Does the Supreme Court Have a Counter-Majoritarian Difficulty?
By Anonymous on Wednesday, Oct 13 2010
In 1961, Yale law professor Alexander Bickel wrote what would become the dominant work of constitutional theory for the next half century. Borrowing a phrase from Alexander Hamilton in Federalist 78, Bickel’s book, The Least Danger Branch, argued that in a democratic society - a society in which decision-making is made through institutions that aggregate the preferences of the majority - popular sovereignty will dictate that one have some sort of rationale as to why judicial review is legitimate. Bickel’s book arrived on the scene just as the Warren Court was trying to rebuild its legitimacy - in the face of challenges to its decisions in Brown v. Board of Education (1954/1955) and Cooper v. Aaron (1958) – and today it is hard not to read his book in the light of that history. But whatever the historical context within which Bickel wrote his book, and whatever his reasons for writing it, the notion that the Supreme Court has a counter-majoritarian difficulty that poses a fundamental challenge to the legitimacy of Court has remained with us.
But is such a view right? I would like to briefly suggest that seeing the Court through the lens of the counter-majoritarian difficulty distorts its role in American government and history. Further, there may be a fundamental conflict between the moral intuitions that sit behind notions like the rule of law and democracy, such that looking at the Court from a counter-majoritarian point of view, leads us to focus on the wrong set of issues when we try to evaluate its role in American government. So, I'll briefly say something about that too.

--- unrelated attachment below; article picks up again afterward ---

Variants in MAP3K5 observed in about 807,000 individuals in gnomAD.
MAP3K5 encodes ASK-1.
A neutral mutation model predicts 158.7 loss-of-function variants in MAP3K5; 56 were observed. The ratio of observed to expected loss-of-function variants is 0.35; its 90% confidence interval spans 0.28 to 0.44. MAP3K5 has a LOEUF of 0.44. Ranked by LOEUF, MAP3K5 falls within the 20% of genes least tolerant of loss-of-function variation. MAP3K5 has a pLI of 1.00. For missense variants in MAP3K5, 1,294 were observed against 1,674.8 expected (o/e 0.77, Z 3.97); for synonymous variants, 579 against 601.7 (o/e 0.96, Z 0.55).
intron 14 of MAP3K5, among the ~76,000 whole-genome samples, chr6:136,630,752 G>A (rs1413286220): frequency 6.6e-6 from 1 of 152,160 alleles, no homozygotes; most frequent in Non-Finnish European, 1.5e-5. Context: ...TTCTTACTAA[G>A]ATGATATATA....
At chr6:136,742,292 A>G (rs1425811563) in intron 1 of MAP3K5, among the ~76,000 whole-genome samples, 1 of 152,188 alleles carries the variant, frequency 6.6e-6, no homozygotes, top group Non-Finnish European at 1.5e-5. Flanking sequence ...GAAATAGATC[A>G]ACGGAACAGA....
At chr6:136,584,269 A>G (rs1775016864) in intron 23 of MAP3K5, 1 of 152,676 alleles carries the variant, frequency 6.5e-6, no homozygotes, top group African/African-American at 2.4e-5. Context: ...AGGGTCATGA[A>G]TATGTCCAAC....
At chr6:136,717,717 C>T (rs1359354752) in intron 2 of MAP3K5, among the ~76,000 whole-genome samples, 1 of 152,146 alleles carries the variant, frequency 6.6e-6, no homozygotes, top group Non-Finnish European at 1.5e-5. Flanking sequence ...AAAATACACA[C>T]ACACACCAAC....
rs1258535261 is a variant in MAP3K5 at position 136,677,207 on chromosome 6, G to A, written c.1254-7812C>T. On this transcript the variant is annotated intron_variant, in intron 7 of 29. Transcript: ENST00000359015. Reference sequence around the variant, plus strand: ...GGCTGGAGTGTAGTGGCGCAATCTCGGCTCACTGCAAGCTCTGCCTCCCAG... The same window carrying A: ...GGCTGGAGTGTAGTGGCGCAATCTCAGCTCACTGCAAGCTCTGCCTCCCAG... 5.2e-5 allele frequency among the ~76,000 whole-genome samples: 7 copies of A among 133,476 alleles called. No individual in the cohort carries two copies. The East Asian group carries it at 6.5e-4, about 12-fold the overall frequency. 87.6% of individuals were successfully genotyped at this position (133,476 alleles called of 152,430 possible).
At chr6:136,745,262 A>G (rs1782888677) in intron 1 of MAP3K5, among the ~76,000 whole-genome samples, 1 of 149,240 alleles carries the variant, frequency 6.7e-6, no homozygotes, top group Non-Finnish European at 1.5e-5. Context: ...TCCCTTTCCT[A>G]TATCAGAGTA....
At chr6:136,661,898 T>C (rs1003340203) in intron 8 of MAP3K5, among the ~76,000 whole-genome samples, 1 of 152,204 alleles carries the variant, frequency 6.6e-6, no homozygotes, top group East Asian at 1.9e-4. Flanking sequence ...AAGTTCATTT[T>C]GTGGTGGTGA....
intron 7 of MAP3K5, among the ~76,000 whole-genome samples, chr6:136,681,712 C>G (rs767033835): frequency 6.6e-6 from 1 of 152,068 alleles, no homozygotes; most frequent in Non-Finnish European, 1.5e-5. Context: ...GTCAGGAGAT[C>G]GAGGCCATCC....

The first thing to notice about the counter-majoritarian difficulty is that it takes a proceduralist, majoritarian, and interest group pluralist point of view toward the notion of democracy. It is because of this picture of what a democratic society is and should be that there is thought to be a counter-majoritarian difficulty in the first place. From this point of view, extra-proceduralist values – values about the dignity of human beings, or substantive values associated with higher law, for instance – operate independent of democratic government, and thus of themselves lack democratic legitimacy. And so, to the extent that judges draw on these extra-proceduralist values to overrule democratic majorities, they have a counter-majoritarian difficulty.
Yet if the relevant issue is democracy, not majoritarianism, the it's important to note that democracy need not be thought of along these lines. Democracy, most broadly defined, is a system of political legitimacy where decisions are collectively binding if the arrangements that give rise to them give equal consideration to the interests of each person bound by the decision. But thought of thus, “giving equal consideration to the interests of each person bound by the decision” in no way entails that government simply aggregate the given interests of its citizens.
Indeed, as James Madison realized – following the natural law theory of Grotius, Pufendorf and Locke – human beings have an unsociable social nature; and it is the aim of government to filter these unsociable and at times irrational passions, such that the sociable nature of humanity finds common cause. As he says in Federalists 55: “as there is a degree of depravity in mankind, which requires a certain degree of circumspection and distrust, so there are other qualities in human nature, which justify a certain portion of esteem and confidence.”